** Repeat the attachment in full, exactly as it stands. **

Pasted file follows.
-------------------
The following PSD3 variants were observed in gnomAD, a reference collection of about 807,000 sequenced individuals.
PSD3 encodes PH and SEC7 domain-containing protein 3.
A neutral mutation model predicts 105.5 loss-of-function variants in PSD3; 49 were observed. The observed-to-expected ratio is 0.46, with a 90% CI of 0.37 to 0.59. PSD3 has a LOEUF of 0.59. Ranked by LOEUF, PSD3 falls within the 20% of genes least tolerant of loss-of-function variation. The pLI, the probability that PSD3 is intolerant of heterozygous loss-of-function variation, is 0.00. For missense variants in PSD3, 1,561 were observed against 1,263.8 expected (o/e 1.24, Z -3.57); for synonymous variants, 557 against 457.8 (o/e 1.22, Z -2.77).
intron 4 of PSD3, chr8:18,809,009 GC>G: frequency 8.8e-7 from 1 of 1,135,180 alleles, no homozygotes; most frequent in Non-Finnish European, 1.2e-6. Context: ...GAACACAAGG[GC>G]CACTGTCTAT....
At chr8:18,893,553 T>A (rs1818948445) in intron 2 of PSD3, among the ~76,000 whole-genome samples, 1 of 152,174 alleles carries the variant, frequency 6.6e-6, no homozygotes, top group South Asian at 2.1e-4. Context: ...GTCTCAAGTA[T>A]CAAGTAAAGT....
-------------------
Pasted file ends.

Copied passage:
The following PSD3 variants were observed in gnomAD, a reference collection of about 807,000 sequenced individuals.
PSD3 encodes PH and SEC7 domain-containing protein 3.
A neutral mutation model predicts 105.5 loss-of-function variants in PSD3; 49 were observed. The observed-to-expected ratio is 0.46, with a 90% CI of 0.37 to 0.59. PSD3 has a LOEUF of 0.59. Ranked by LOEUF, PSD3 falls within the 20% of genes least tolerant of loss-of-function variation. The pLI, the probability that PSD3 is intolerant of heterozygous loss-of-function variation, is 0.00. For missense variants in PSD3, 1,561 were observed against 1,263.8 expected (o/e 1.24, Z -3.57); for synonymous variants, 557 against 457.8 (o/e 1.22, Z -2.77).
intron 4 of PSD3, chr8:18,809,009 GC>G: frequency 8.8e-7 from 1 of 1,135,180 alleles, no homozygotes; most frequent in Non-Finnish European, 1.2e-6. Context: ...GAACACAAGG[GC>G]CACTGTCTAT....
At chr8:18,893,553 T>A (rs1818948445) in intron 2 of PSD3, among the ~76,000 whole-genome samples, 1 of 152,174 alleles carries the variant, frequency 6.6e-6, no homozygotes, top group South Asian at 2.1e-4. Context: ...GTCTCAAGTA[T>A]CAAGTAAAGT....